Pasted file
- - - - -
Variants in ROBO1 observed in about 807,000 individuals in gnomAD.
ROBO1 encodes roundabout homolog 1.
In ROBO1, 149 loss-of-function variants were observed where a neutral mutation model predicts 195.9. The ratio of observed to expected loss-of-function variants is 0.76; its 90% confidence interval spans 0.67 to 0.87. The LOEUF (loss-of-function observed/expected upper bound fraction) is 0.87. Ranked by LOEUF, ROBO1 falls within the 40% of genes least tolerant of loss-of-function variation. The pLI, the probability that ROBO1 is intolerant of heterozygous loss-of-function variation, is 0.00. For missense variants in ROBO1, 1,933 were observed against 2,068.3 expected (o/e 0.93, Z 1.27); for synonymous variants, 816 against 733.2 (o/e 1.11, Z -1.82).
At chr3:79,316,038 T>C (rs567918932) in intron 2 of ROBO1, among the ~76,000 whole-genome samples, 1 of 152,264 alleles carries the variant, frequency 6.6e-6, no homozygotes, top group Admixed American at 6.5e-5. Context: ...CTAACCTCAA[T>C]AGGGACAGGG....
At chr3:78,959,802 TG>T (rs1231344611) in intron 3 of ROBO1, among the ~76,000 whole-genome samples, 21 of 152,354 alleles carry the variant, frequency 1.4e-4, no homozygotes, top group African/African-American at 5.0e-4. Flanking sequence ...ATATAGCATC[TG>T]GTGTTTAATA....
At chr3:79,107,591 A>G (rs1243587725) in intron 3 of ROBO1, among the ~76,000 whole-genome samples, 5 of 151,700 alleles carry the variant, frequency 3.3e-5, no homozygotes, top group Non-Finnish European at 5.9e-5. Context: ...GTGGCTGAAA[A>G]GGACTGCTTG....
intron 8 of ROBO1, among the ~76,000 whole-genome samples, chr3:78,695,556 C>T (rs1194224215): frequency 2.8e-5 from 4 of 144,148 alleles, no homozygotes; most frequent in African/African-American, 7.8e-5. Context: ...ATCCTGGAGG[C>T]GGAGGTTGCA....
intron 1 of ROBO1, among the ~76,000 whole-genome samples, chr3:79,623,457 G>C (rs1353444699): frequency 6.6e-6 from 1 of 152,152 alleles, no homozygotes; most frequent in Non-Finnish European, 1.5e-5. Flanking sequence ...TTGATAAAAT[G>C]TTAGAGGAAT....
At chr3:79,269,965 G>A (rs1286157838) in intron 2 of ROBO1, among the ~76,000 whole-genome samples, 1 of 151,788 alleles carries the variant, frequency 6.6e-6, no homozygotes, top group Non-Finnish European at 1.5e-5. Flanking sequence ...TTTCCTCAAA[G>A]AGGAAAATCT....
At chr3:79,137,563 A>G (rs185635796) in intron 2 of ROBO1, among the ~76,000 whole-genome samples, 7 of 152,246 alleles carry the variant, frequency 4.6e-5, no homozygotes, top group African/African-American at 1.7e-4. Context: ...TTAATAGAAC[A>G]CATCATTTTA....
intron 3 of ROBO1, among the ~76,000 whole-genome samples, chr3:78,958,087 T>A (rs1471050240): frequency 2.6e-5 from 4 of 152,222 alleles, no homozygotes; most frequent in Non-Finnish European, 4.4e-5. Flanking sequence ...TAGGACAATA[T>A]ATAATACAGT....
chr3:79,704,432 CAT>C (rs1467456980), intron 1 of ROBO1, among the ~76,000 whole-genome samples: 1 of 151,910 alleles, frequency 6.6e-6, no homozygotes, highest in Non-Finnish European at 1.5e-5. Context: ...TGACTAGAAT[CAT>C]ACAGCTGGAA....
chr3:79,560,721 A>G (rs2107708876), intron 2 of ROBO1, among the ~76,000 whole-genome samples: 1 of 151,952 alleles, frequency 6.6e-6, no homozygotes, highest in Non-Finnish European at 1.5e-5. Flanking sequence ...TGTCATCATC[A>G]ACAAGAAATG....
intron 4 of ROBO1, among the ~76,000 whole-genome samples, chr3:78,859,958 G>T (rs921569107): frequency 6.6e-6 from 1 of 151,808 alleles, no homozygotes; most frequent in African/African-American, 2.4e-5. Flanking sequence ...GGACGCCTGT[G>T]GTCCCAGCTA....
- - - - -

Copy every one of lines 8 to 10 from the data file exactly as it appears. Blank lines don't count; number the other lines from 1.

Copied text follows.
intron 1 of ROBO1, among the ~76,000 whole-genome samples, chr3:79,623,457 G>C (rs1353444699): frequency 6.6e-6 from 1 of 152,152 alleles, no homozygotes; most frequent in Non-Finnish European, 1.5e-5. Flanking sequence ...TTGATAAAAT[G>C]TTAGAGGAAT....
At chr3:79,269,965 G>A (rs1286157838) in intron 2 of ROBO1, among the ~76,000 whole-genome samples, 1 of 151,788 alleles carries the variant, frequency 6.6e-6, no homozygotes, top group Non-Finnish European at 1.5e-5. Flanking sequence ...TTTCCTCAAA[G>A]AGGAAAATCT....
At chr3:79,137,563 A>G (rs185635796) in intron 2 of ROBO1, among the ~76,000 whole-genome samples, 7 of 152,246 alleles carry the variant, frequency 4.6e-5, no homozygotes, top group African/African-American at 1.7e-4. Context: ...TTAATAGAAC[A>G]CATCATTTTA....